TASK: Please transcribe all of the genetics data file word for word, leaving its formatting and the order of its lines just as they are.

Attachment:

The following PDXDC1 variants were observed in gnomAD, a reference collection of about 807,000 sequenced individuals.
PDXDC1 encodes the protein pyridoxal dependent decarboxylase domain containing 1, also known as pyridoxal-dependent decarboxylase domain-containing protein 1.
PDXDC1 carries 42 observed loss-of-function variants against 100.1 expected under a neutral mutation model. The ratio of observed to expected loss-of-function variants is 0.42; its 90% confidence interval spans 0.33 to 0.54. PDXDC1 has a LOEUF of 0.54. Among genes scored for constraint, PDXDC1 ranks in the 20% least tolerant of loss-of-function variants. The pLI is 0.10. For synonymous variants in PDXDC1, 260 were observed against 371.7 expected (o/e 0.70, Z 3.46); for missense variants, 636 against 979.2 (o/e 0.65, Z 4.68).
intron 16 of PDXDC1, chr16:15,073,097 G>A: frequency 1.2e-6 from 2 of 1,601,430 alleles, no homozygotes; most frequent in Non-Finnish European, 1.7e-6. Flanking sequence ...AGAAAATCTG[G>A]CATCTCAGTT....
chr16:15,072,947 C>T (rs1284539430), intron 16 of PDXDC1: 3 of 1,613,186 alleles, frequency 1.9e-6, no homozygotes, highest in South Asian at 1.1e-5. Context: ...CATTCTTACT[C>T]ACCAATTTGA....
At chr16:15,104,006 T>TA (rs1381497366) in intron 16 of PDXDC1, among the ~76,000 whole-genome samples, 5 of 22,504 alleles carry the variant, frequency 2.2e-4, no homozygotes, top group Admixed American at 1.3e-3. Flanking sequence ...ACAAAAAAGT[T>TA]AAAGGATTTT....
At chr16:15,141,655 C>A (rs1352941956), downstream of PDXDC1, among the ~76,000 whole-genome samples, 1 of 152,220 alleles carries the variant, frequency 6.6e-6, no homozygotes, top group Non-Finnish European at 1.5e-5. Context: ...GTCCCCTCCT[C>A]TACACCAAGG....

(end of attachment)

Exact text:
The following PDXDC1 variants were observed in gnomAD, a reference collection of about 807,000 sequenced individuals.
PDXDC1 encodes the protein pyridoxal dependent decarboxylase domain containing 1, also known as pyridoxal-dependent decarboxylase domain-containing protein 1.
PDXDC1 carries 42 observed loss-of-function variants against 100.1 expected under a neutral mutation model. The ratio of observed to expected loss-of-function variants is 0.42; its 90% confidence interval spans 0.33 to 0.54. PDXDC1 has a LOEUF of 0.54. Among genes scored for constraint, PDXDC1 ranks in the 20% least tolerant of loss-of-function variants. The pLI is 0.10. For synonymous variants in PDXDC1, 260 were observed against 371.7 expected (o/e 0.70, Z 3.46); for missense variants, 636 against 979.2 (o/e 0.65, Z 4.68).
intron 16 of PDXDC1, chr16:15,073,097 G>A: frequency 1.2e-6 from 2 of 1,601,430 alleles, no homozygotes; most frequent in Non-Finnish European, 1.7e-6. Flanking sequence ...AGAAAATCTG[G>A]CATCTCAGTT....
chr16:15,072,947 C>T (rs1284539430), intron 16 of PDXDC1: 3 of 1,613,186 alleles, frequency 1.9e-6, no homozygotes, highest in South Asian at 1.1e-5. Context: ...CATTCTTACT[C>T]ACCAATTTGA....
At chr16:15,104,006 T>TA (rs1381497366) in intron 16 of PDXDC1, among the ~76,000 whole-genome samples, 5 of 22,504 alleles carry the variant, frequency 2.2e-4, no homozygotes, top group Admixed American at 1.3e-3. Flanking sequence ...ACAAAAAAGT[T>TA]AAAGGATTTT....
At chr16:15,141,655 C>A (rs1352941956), downstream of PDXDC1, among the ~76,000 whole-genome samples, 1 of 152,220 alleles carries the variant, frequency 6.6e-6, no homozygotes, top group Non-Finnish European at 1.5e-5. Context: ...GTCCCCTCCT[C>A]TACACCAAGG....